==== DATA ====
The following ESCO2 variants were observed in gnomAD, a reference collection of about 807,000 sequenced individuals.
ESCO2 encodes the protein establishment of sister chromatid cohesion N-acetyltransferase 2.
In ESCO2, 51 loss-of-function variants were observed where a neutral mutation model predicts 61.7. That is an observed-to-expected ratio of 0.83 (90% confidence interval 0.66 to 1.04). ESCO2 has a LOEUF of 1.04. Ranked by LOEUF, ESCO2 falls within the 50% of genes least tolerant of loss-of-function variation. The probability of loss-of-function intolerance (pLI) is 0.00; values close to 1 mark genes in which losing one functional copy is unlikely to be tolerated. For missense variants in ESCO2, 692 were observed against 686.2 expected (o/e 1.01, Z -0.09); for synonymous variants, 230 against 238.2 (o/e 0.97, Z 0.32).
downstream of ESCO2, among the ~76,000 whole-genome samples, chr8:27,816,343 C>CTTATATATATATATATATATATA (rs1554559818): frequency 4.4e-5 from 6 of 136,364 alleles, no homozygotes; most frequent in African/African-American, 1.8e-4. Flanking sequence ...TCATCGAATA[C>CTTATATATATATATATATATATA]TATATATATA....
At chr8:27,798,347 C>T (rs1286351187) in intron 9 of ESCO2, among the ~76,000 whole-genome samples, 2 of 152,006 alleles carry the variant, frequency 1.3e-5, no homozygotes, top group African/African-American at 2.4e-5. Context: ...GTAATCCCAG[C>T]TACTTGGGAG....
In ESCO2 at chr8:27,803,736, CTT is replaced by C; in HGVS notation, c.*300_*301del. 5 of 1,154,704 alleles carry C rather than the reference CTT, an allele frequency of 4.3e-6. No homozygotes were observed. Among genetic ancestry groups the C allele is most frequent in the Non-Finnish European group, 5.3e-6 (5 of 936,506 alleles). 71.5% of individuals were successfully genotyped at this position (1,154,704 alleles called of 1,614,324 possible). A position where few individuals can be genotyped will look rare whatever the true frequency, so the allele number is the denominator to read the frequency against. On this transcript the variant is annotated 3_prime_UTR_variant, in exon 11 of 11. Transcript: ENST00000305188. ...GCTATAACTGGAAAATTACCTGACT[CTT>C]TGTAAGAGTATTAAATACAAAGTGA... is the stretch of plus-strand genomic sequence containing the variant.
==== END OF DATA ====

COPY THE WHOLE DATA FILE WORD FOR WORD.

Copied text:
The following ESCO2 variants were observed in gnomAD, a reference collection of about 807,000 sequenced individuals.
ESCO2 encodes the protein establishment of sister chromatid cohesion N-acetyltransferase 2.
In ESCO2, 51 loss-of-function variants were observed where a neutral mutation model predicts 61.7. That is an observed-to-expected ratio of 0.83 (90% confidence interval 0.66 to 1.04). ESCO2 has a LOEUF of 1.04. Ranked by LOEUF, ESCO2 falls within the 50% of genes least tolerant of loss-of-function variation. The probability of loss-of-function intolerance (pLI) is 0.00; values close to 1 mark genes in which losing one functional copy is unlikely to be tolerated. For missense variants in ESCO2, 692 were observed against 686.2 expected (o/e 1.01, Z -0.09); for synonymous variants, 230 against 238.2 (o/e 0.97, Z 0.32).
downstream of ESCO2, among the ~76,000 whole-genome samples, chr8:27,816,343 C>CTTATATATATATATATATATATA (rs1554559818): frequency 4.4e-5 from 6 of 136,364 alleles, no homozygotes; most frequent in African/African-American, 1.8e-4. Flanking sequence ...TCATCGAATA[C>CTTATATATATATATATATATATA]TATATATATA....
At chr8:27,798,347 C>T (rs1286351187) in intron 9 of ESCO2, among the ~76,000 whole-genome samples, 2 of 152,006 alleles carry the variant, frequency 1.3e-5, no homozygotes, top group African/African-American at 2.4e-5. Context: ...GTAATCCCAG[C>T]TACTTGGGAG....
In ESCO2 at chr8:27,803,736, CTT is replaced by C; in HGVS notation, c.*300_*301del. 5 of 1,154,704 alleles carry C rather than the reference CTT, an allele frequency of 4.3e-6. No homozygotes were observed. Among genetic ancestry groups the C allele is most frequent in the Non-Finnish European group, 5.3e-6 (5 of 936,506 alleles). 71.5% of individuals were successfully genotyped at this position (1,154,704 alleles called of 1,614,324 possible). A position where few individuals can be genotyped will look rare whatever the true frequency, so the allele number is the denominator to read the frequency against. On this transcript the variant is annotated 3_prime_UTR_variant, in exon 11 of 11. Transcript: ENST00000305188. ...GCTATAACTGGAAAATTACCTGACT[CTT>C]TGTAAGAGTATTAAATACAAAGTGA... is the stretch of plus-strand genomic sequence containing the variant.